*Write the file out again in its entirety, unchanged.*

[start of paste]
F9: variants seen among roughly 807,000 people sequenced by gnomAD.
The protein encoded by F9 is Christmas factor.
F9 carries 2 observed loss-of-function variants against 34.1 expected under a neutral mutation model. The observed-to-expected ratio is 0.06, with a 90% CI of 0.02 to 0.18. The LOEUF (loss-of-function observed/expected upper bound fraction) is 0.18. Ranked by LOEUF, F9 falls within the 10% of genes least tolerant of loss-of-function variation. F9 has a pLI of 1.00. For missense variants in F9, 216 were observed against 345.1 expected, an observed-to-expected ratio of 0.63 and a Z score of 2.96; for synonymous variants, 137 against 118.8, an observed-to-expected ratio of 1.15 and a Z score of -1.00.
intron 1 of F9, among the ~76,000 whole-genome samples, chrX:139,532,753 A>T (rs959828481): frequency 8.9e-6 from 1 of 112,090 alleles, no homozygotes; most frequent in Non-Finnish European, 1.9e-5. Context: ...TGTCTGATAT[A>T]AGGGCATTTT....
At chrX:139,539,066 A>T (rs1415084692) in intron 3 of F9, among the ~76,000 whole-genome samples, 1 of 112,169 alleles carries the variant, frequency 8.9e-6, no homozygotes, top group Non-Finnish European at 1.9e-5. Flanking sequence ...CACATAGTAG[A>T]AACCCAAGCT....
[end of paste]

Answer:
F9: variants seen among roughly 807,000 people sequenced by gnomAD.
The protein encoded by F9 is Christmas factor.
F9 carries 2 observed loss-of-function variants against 34.1 expected under a neutral mutation model. The observed-to-expected ratio is 0.06, with a 90% CI of 0.02 to 0.18. The LOEUF (loss-of-function observed/expected upper bound fraction) is 0.18. Ranked by LOEUF, F9 falls within the 10% of genes least tolerant of loss-of-function variation. F9 has a pLI of 1.00. For missense variants in F9, 216 were observed against 345.1 expected, an observed-to-expected ratio of 0.63 and a Z score of 2.96; for synonymous variants, 137 against 118.8, an observed-to-expected ratio of 1.15 and a Z score of -1.00.
intron 1 of F9, among the ~76,000 whole-genome samples, chrX:139,532,753 A>T (rs959828481): frequency 8.9e-6 from 1 of 112,090 alleles, no homozygotes; most frequent in Non-Finnish European, 1.9e-5. Context: ...TGTCTGATAT[A>T]AGGGCATTTT....
At chrX:139,539,066 A>T (rs1415084692) in intron 3 of F9, among the ~76,000 whole-genome samples, 1 of 112,169 alleles carries the variant, frequency 8.9e-6, no homozygotes, top group Non-Finnish European at 1.9e-5. Flanking sequence ...CACATAGTAG[A>T]AACCCAAGCT....